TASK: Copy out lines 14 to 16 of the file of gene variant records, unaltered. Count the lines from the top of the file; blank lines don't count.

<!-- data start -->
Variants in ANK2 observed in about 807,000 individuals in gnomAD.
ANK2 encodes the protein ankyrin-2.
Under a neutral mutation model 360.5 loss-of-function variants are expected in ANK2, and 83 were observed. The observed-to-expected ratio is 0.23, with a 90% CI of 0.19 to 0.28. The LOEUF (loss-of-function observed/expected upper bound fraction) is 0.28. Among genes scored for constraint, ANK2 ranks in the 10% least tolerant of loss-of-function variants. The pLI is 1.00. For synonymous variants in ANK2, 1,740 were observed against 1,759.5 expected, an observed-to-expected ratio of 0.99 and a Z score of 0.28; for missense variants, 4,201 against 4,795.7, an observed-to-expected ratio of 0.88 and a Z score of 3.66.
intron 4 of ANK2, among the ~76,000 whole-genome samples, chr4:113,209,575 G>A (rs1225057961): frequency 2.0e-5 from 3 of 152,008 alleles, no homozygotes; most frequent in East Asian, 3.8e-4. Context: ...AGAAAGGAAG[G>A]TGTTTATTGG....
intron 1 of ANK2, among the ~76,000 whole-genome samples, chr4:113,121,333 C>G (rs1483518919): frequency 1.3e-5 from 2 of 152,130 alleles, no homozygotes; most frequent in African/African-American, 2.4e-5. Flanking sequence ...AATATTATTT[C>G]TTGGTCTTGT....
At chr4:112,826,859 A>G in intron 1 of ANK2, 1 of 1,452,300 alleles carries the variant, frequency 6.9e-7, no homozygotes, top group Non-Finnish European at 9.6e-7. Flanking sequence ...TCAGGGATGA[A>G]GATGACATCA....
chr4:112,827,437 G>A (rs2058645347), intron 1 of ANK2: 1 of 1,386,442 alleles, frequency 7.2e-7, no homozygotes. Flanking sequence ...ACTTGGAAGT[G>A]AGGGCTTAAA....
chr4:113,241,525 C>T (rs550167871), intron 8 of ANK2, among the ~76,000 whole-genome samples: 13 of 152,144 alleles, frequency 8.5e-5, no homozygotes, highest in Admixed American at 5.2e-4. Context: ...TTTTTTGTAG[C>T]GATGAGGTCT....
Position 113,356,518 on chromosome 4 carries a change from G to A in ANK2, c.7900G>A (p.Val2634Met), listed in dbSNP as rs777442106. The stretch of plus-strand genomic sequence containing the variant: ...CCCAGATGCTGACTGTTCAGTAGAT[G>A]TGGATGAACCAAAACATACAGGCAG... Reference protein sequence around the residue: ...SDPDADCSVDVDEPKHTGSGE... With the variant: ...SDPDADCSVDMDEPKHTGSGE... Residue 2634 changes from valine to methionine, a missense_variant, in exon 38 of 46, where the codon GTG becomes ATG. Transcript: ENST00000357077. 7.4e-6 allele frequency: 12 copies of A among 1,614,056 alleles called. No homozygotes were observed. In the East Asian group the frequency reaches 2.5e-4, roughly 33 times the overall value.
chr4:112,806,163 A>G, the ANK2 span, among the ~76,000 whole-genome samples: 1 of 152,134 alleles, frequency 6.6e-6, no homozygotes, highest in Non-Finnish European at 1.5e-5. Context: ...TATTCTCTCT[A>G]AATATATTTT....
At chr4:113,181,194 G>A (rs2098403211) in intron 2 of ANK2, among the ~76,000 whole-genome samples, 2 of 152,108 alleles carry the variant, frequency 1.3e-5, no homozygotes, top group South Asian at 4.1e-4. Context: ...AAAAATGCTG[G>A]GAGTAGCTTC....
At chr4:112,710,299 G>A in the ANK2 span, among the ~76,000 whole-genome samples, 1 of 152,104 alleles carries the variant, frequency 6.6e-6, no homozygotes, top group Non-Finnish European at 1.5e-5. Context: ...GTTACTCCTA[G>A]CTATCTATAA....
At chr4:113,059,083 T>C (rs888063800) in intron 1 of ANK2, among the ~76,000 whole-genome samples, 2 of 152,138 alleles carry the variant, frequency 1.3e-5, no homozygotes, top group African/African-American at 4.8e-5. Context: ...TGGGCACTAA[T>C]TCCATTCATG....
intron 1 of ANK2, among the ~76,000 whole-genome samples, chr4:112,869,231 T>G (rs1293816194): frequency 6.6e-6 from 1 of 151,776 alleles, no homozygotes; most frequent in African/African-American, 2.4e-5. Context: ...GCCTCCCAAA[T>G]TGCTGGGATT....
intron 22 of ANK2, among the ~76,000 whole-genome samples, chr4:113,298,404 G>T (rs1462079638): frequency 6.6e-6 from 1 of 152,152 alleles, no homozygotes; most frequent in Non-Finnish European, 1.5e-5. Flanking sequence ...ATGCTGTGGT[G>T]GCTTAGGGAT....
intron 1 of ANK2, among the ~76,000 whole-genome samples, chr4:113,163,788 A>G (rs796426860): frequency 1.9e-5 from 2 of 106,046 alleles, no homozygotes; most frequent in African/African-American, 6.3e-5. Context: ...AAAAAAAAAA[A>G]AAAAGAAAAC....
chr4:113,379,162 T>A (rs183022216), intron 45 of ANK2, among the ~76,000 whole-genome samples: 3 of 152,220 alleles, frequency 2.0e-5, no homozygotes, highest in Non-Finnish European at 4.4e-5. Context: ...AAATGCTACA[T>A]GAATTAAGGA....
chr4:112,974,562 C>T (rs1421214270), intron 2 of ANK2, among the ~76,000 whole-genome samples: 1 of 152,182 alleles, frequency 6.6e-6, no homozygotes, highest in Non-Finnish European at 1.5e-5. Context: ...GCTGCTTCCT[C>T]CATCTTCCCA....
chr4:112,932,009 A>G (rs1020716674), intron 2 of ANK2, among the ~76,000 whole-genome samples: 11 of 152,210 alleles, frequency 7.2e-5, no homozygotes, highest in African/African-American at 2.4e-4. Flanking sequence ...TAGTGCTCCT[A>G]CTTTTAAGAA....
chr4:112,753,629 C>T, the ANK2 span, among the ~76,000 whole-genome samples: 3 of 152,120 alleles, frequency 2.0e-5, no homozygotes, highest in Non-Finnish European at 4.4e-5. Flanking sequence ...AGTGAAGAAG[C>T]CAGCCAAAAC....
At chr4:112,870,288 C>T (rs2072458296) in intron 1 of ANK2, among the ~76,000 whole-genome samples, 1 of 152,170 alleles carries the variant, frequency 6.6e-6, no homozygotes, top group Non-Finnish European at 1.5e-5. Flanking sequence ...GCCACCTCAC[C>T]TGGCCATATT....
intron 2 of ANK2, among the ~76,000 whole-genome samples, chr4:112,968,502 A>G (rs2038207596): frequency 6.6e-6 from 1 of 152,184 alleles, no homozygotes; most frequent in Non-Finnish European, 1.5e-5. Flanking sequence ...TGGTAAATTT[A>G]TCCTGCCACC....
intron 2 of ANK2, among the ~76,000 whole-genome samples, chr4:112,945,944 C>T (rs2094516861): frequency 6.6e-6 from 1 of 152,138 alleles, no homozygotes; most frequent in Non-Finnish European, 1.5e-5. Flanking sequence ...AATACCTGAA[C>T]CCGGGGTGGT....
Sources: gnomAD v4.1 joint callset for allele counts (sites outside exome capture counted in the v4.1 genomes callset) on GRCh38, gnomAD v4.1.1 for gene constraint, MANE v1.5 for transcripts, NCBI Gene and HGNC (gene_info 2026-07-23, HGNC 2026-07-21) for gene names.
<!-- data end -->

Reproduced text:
intron 1 of ANK2, among the ~76,000 whole-genome samples, chr4:112,869,231 T>G (rs1293816194): frequency 6.6e-6 from 1 of 151,776 alleles, no homozygotes; most frequent in African/African-American, 2.4e-5. Context: ...GCCTCCCAAA[T>G]TGCTGGGATT....
intron 22 of ANK2, among the ~76,000 whole-genome samples, chr4:113,298,404 G>T (rs1462079638): frequency 6.6e-6 from 1 of 152,152 alleles, no homozygotes; most frequent in Non-Finnish European, 1.5e-5. Flanking sequence ...ATGCTGTGGT[G>T]GCTTAGGGAT....
intron 1 of ANK2, among the ~76,000 whole-genome samples, chr4:113,163,788 A>G (rs796426860): frequency 1.9e-5 from 2 of 106,046 alleles, no homozygotes; most frequent in African/African-American, 6.3e-5. Context: ...AAAAAAAAAA[A>G]AAAAGAAAAC....